Kids' Generosity May Depend on Who's Watching: Study

WEDNESDAY, Nov. 14 (HealthDay News) -- Young children are more likely to be generous when others are aware of their actions, according to a new study.

Previous research has shown that adults are more likely to act in ways that will benefit their reputation when they are being watched or when their actions are likely to be made public, compared to when they are anonymous.

Whether young children behave similarly was unknown, according to the Yale University researchers.

They gave stickers to 5-year-old children who had the option of sharing one or four of the stickers with another child of the same age. The children were more generous when they could see the recipient than when the recipient was hidden. They were also more generous when they had to give the stickers in a transparent container rather than in one where the stickers could not be seen.

These behaviors were the same no matter how many stickers the children were given to keep for themselves, according to the study published recently in the journal PLoS One.

The researchers said their findings show that children as young as 5 can make "strategic" choices about whether to be generous, depending on whether the recipient is aware of the giver's actions.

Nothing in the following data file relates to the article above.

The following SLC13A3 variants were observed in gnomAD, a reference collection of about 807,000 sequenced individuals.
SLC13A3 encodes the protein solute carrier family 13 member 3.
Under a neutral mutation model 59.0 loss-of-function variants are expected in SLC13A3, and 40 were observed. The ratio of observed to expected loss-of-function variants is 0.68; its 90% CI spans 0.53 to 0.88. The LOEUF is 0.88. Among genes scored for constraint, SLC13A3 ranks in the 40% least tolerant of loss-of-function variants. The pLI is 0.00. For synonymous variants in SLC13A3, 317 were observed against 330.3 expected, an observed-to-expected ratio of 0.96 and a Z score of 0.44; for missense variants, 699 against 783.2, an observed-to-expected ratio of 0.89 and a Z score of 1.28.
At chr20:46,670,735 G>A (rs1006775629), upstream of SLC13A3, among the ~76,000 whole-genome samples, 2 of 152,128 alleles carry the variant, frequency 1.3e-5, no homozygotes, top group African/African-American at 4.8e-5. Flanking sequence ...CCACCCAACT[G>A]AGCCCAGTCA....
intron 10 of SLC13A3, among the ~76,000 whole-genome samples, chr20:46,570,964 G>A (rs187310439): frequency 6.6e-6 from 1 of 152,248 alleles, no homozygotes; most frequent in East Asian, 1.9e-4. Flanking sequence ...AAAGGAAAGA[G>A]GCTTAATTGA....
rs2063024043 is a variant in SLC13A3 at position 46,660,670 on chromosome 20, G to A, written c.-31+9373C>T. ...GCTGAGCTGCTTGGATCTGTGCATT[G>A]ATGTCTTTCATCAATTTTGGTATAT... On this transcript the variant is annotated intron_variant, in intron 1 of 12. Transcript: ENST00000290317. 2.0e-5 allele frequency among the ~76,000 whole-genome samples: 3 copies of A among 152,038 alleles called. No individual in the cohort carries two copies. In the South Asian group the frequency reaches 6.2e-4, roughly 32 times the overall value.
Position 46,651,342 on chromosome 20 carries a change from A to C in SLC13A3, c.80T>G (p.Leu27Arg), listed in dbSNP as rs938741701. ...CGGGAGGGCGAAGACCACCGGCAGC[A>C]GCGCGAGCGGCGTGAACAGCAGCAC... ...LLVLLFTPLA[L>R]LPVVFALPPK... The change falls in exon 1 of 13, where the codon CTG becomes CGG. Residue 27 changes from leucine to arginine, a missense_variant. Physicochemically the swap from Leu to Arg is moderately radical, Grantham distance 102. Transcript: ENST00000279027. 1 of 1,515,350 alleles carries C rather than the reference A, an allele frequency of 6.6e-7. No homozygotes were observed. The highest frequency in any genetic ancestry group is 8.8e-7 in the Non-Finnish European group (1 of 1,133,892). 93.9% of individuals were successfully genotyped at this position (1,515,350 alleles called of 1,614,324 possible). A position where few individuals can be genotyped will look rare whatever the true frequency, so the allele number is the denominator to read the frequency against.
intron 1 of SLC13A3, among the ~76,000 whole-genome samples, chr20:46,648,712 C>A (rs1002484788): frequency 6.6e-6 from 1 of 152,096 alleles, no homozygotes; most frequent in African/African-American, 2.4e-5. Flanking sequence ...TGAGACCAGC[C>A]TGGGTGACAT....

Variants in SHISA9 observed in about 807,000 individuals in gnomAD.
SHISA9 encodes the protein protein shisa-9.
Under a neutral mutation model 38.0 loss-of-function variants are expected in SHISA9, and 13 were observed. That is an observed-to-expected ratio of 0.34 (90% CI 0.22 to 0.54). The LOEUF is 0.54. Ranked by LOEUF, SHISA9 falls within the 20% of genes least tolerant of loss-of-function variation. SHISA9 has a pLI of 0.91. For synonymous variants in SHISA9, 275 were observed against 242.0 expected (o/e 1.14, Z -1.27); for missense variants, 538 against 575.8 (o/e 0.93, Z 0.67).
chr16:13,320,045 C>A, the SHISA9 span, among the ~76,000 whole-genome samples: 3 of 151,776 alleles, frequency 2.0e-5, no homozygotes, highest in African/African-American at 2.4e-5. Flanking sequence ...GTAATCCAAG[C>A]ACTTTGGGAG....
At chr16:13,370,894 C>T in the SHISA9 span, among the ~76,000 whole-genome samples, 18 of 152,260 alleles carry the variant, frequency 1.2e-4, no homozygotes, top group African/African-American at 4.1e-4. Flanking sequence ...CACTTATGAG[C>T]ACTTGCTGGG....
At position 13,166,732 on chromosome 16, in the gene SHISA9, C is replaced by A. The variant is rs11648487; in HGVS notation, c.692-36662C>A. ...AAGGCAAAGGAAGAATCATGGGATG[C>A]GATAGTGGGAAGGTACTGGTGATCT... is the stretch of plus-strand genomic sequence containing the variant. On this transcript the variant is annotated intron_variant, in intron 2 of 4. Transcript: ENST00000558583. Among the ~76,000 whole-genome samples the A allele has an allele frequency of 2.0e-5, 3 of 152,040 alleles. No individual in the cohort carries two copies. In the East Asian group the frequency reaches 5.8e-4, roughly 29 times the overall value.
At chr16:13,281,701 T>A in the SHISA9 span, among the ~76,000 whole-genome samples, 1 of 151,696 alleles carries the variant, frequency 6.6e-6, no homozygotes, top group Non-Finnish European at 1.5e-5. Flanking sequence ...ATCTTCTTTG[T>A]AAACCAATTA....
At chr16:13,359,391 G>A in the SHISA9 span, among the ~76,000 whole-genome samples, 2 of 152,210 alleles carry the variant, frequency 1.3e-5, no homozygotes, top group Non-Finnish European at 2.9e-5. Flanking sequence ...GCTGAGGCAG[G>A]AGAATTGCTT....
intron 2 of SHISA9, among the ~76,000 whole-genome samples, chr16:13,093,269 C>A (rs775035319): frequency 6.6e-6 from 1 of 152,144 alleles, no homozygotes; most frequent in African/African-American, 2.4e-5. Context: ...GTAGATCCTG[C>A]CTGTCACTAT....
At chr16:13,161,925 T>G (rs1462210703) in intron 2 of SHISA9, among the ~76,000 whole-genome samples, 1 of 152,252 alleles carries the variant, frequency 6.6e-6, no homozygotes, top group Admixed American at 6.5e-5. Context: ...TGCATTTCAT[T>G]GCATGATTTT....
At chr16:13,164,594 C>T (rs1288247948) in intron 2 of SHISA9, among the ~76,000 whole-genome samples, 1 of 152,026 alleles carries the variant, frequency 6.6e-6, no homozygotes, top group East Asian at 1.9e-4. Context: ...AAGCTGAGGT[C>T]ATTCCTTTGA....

"Although the frequency with which children acted antisocially is striking, the conditions under which they chose to act generously are even more interesting and suggest that children likely use much more sophisticated prosocial strategies than we previously assumed," study author Kristin Lyn Leimgruber said in a journal news release.

"Much like the patterns of charity we see in adults, donation tendencies in children appear to be driven by the amount of information available to others about their actions -- for both adults and children, the more others know about their actions, the more likely they are to act generously," Leimgruber said.

More information

The Science of Generosity project at the University of Notre Dame has more about generosity.

SOURCE: PLoS One, news release, October 2012

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